The criminal mobility of outlaw motorcycle gang (OMCG) members presents a significant challenge to Australian governments and police. Examining patterns of mobility can help to better understand the opportunity structures that underpin offending by OMCGs and to drive national collaborative responses to these gangs.
This study examines the prevalence and patterns of criminal mobility in a sample of almost 4,000 OMCG members in more than 400 chapters.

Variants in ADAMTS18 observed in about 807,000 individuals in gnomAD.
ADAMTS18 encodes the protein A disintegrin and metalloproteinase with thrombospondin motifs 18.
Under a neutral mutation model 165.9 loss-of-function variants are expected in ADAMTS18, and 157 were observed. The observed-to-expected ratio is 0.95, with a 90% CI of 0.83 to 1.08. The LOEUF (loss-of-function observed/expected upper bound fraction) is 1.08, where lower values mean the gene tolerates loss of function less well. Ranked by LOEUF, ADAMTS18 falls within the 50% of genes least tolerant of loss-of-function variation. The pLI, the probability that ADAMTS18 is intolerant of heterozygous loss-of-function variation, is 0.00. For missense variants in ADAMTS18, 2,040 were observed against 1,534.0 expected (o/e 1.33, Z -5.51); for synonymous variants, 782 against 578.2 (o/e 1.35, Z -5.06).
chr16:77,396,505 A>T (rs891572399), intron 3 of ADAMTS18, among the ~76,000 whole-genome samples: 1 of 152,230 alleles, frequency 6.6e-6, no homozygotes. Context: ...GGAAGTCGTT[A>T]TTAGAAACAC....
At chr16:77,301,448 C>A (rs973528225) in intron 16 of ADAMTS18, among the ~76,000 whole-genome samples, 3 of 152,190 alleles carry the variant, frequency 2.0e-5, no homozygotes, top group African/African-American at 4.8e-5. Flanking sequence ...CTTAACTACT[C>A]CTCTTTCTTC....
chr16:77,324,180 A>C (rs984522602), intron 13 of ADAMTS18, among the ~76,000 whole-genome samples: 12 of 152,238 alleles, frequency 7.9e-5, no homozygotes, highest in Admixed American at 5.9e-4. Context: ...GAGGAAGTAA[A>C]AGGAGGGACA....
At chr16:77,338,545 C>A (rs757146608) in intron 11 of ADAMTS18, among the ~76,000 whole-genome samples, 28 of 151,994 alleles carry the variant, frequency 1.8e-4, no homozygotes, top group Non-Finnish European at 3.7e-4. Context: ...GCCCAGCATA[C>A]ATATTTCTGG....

Around one in 10 members showed evidence of criminal mobility over the long term, while more than one-third of chapters comprised criminally mobile members. Criminally mobile gang members were heavily concentrated in a small number of chapters. Patterns of criminal mobility primarily involve movements into east coast jurisdictions. New South Wales and Queensland emerged as the most common destinations for criminally mobile OMCG members.